Advancing by ground

It’s good to be a ground ball pitcher. If you have a good infield behind you. Or a nicely manicured diamond with good lights. Whatever it may be, the further a pitcher advances in the professional baseball, the better he fares on ground balls. The emerging ground ball pitcher has been a recent fascination of mine, and I’m not alone in that regard.

The more I think about ground balls, the more I think about line drives and fly balls. Let me show you why, and what it means for tracking pitchers across levels.

First by ground

If you look at the lowest levels of the minor leagues, you’ll find more ground balls result in a batter reaching base (by hit or by error) than at the higher levels of pro ball, in particular the major leagues. One tradeoff that comes with that progression (presumably related to the factors noted earlier) is an increased frequency of extra base hits off ground balls. It’s not a large number of hits, so the tradeoff seems worthwhile.

Batting average and Slugging rates on ground balls, with errors treated as singles (2007-9)

League GB AVG SLG ISO
R-PIO 24713 0.305 0.322 0.018
R-GCL 34508 0.302 0.316 0.014
R-APP 25576 0.325 0.345 0.020
As-NYP 39485 0.307 0.324 0.017
As-NWL 24020 0.314 0.330 0.016
A-SAL 84488 0.295 0.314 0.020
A-MDW 72979 0.299 0.316 0.017
Av-FSL 60930 0.279 0.298 0.019
Av-CAR 42583 0.287 0.309 0.022
Av-CAL 54357 0.305 0.326 0.021
AA-TEX 42762 0.284 0.307 0.022
AA-SOU 50353 0.282 0.304 0.022
AA-EST 62303 0.289 0.307 0.019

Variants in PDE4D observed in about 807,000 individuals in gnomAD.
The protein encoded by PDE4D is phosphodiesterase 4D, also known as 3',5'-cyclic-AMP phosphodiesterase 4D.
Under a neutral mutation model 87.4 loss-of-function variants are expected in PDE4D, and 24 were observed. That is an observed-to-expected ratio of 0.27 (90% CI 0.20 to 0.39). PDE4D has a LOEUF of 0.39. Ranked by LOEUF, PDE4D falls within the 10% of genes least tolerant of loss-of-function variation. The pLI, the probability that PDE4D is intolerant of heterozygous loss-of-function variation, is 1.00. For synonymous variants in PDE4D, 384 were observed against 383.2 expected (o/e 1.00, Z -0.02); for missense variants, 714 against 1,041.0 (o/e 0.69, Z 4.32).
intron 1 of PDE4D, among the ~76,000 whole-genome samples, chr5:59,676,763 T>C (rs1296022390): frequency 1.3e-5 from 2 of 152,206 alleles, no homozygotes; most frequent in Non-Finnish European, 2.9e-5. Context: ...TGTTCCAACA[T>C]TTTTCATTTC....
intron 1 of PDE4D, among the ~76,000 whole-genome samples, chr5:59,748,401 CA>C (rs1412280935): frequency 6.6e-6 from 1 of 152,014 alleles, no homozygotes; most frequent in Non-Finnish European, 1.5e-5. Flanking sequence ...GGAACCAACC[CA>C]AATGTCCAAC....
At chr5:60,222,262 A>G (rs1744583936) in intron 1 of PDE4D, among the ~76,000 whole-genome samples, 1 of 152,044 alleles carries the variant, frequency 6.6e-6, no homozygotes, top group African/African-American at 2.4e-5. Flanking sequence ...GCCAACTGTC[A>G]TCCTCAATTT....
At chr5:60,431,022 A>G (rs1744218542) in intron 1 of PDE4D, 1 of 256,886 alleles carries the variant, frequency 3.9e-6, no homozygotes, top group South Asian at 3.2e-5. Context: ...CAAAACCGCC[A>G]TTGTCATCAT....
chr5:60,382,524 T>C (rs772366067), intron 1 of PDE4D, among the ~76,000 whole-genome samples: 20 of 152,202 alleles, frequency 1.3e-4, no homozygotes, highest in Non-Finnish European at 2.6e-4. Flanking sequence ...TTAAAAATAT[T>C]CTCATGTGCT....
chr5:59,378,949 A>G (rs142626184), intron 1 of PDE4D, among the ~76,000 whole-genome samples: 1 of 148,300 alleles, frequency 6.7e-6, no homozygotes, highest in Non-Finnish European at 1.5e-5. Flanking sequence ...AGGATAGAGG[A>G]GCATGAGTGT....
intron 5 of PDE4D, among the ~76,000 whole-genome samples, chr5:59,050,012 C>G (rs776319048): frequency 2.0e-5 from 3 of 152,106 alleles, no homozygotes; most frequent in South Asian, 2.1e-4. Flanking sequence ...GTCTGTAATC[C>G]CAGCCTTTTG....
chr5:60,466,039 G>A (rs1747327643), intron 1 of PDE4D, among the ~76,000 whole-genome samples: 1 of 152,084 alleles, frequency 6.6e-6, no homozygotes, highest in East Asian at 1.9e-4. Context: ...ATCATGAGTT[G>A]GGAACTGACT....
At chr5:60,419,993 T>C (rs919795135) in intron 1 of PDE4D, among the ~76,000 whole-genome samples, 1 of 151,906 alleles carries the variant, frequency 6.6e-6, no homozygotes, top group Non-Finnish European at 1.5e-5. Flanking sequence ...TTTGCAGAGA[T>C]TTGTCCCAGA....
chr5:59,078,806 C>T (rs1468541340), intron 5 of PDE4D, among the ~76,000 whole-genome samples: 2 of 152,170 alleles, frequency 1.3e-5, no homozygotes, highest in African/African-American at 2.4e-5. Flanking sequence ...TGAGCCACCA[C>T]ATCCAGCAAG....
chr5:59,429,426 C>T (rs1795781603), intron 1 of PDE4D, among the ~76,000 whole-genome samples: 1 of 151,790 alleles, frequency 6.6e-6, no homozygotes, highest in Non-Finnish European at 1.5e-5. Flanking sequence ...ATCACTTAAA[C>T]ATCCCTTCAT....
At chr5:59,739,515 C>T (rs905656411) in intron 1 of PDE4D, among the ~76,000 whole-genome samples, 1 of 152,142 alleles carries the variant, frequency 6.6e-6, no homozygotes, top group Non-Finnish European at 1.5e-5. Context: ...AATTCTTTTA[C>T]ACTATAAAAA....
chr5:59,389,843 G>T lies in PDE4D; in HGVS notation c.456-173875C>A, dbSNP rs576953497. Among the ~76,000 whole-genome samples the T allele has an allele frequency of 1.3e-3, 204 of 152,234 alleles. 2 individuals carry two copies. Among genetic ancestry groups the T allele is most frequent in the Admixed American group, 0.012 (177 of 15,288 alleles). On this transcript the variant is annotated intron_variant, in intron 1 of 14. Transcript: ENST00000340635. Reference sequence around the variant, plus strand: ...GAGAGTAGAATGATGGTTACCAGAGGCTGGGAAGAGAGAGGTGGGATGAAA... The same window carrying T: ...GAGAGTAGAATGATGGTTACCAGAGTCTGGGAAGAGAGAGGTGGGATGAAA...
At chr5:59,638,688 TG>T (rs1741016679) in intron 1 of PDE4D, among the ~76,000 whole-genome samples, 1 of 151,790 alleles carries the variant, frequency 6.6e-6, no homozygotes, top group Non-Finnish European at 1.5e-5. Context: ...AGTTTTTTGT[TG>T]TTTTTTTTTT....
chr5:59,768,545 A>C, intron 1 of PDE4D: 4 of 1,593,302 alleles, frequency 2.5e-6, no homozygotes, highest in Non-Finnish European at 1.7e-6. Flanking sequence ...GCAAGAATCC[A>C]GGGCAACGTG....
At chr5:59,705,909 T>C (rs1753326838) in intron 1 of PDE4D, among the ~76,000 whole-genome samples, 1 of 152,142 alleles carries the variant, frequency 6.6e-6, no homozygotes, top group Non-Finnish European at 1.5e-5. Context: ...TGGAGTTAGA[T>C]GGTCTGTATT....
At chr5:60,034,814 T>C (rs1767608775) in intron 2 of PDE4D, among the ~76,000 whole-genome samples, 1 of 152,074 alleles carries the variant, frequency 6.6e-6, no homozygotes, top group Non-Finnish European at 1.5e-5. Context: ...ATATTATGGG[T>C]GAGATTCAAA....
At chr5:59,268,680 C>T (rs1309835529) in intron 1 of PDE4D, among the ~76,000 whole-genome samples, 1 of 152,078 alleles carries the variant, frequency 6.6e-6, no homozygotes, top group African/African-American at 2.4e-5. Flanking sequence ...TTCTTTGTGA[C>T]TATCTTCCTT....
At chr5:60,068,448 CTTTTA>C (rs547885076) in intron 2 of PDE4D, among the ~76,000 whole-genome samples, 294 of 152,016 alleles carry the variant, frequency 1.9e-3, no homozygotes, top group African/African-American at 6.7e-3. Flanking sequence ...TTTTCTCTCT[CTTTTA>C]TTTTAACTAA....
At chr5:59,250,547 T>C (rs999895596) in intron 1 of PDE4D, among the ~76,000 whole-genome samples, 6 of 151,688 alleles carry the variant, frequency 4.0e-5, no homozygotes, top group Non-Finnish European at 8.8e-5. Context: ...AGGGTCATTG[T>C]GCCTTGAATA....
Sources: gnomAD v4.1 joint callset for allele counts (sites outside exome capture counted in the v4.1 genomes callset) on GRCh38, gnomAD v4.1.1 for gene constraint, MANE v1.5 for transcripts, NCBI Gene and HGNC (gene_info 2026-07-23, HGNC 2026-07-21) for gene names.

AAA-PCL 84373 0.272 0.295 0.023
AAA-INT 73566 0.280 0.303 0.023
MLB-NL 115621 0.269 0.291 0.022
MLB-AL 101502 0.268 0.289 0.020

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At no point does the extra extra-base hit that comes with facing stronger hitters at higher levels impact the benefits of the better field(er)s at those levels.

Before we decide ground ball pitchers will benefit from promotion, we need to consider the ground ball rates themselves. How do they vary by level/league?

Ground balls per ball in play (2007-9)

League GB%
R-PIO 50.4%
R-GCL 49.5%
R-APP 51.9%
As-NYP 49.0%
As-NWL 50.6%
A-SAL 49.0%
A-MDW 48.1%
Av-FSL 47.2%
Av-CAR 48.2%
Av-CAL 46.9%
AA-TEX 46.2%
AA-SOU 45.4%
AA-EST 45.9%
AAA-PCL 44.4%
AAA-INT 45.1%
MLB-NL 44.7%
MLB-AL 44.2%

image

Tempers the expectations, doesn’t it? As you get more out of ground balls, you get fewer of them. To gauge how that works out (or washes out), I applied some very generic linear weights to outs, errors, singles, doubles and triples at each level, using the same weights.

Ground ball linear weights

image

I know what you’re saying: Those grounders are turning into something else, like a fly ball. Thing is, fly balls are worth fewer runs each level you go up (using the generic linear weights), and, after rookie ball, the rate of change is very much the same (-0.0048 for fly balls and -0.0056 for ground balls) from level-to-level. A ground ball saves from .12 runs to .15 runs, compared to a fly ball, with the exception of Rookie ball, where the difference hops to .17. It’s really the fault of the high-elevation Pioneer League and its slightly lower cousin, the Appalachian League. The Gulf Coast League doesn’t see the long flies leave the yard as often as they do in the mountainous leagues. This makes no mention of line drives (worth more than > .33 runs) and pop-ups (almost a sure out, -.28 or so).